UK ISPs v. US ISPs (was RE: Network Level Content Blocking)

Barry Shein bzs at
Mon Jun 11 19:05:54 UTC 2007

On June 11, 2007 at 06:22 johnl at (John Levine) wrote:
 > Also, ISPs in the United States are not common carriers.  Even the
 > ISPs that are owned by phone companies (which are common carriers for
 > their phone service) are not common carriers.

Are you possibly conflating the general legalistic term "common
carrier" which applies to taxi cabs, UPS, trains (common carriage,
i.e., generally cannot be held responsible for the contents of what
they carry) versus telecommunications common carriers as defined under
the "Communications Act of 1934" (CA1934) which established the AT&T

Granted there's no agency or body which takes out a big stamp saying
COMMON CARRIER (in the common law, first sense) and sticks it on an
ISP's head (in the second sense, CA1934, that'd be the FCC.)

The common law sense is more a practical matter of law and
precedence. The wikipedia entry has a nice brief summary:

  Internet networks are in many respects already treated like common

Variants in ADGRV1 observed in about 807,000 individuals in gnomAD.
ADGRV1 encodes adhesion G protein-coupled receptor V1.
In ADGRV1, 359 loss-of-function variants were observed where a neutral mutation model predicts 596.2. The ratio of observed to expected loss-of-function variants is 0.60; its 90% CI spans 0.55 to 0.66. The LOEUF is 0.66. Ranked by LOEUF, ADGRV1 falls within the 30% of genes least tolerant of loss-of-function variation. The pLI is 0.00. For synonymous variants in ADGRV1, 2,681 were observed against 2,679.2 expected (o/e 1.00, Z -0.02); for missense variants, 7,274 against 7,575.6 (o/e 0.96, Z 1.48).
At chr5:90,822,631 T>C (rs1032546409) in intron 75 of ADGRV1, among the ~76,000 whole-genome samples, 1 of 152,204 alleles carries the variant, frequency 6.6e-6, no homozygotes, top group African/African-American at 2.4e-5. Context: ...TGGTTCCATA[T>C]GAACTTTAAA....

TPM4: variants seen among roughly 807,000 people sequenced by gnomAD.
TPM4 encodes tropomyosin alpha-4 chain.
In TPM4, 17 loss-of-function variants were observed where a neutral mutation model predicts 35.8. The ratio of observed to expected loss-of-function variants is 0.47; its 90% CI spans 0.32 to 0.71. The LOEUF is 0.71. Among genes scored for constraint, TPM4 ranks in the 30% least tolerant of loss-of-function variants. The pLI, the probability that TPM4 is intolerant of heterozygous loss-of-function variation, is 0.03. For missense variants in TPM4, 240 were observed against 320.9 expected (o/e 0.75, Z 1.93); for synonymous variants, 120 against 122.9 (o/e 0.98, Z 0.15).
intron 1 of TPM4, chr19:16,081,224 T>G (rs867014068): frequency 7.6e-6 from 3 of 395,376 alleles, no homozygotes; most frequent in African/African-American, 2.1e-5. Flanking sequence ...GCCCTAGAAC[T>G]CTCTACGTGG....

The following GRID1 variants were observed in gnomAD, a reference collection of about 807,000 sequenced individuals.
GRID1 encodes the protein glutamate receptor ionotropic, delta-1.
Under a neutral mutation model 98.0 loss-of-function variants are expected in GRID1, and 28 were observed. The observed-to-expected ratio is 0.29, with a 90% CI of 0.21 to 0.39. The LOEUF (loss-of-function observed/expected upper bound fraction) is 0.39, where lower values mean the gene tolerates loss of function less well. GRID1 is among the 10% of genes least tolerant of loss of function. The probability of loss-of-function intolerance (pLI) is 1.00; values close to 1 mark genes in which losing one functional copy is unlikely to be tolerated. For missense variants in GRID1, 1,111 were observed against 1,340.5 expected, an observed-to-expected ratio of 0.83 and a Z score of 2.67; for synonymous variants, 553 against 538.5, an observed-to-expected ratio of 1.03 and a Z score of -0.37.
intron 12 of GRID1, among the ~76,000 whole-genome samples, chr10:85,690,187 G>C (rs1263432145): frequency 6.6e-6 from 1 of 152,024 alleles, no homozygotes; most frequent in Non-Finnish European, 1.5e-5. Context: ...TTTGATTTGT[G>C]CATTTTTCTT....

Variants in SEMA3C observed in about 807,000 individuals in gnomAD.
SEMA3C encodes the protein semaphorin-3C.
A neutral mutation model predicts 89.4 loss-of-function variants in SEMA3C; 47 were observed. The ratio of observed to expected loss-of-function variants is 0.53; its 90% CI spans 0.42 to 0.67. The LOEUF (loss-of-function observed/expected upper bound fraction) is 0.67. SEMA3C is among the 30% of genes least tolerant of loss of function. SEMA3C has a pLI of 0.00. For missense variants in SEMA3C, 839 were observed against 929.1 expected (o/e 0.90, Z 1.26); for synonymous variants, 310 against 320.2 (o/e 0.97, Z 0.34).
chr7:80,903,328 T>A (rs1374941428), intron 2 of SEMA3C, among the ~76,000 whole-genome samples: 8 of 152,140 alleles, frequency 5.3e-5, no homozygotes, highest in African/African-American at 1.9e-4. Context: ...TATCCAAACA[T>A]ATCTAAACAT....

carriers. ISPs are largely immune from liability for third party
  content. The Good Samaritan provision of the Communications Decency
  Act established immunity from liability for third party content on
  grounds of libel or slander. The DMCA established that ISPs which
  comply with DMCA would not be liable for the copyright violations of
  third parties on their network.

So, although it should be noted that by and large ISPs have resisted
being classified telecommunications common carriers as specifically
defined in CA1934 they seem to be treated by the law, in practice, as
common carriers in the common law sense (i.e., offer their carriage to
the general public, can't generally be considered responsible for
content etc. any more than a taxi or fedex could be.)

It's a very important if somewhat confusing distinction. It'd be a lot
easier if we could come up with separate terms for common law common
carrier versis CA1934 telecommunications common carrier.

That said, nothing is absolute and even an unarguable common law
common carrier (say, fedex) has some duty to raise suspicions about a
package which is ticking or dripping noxious (or really any) liquid,
and to cooperate with law enforcement where properly required (e.g.,
via warrants.)

I think we're less in the realm here of who is or isn't some sort of
common carrier and more "what are the responsibilities even within
those constraints?". Even the old AT&T monopoly, probably as legally
fortressed from liability as possible (other than its broad exposure
to regulation) would be required to cooperate with properly executed
legal process.

(I suppose to be PC I have to say out loud this note is US-centric)

        -Barry Shein

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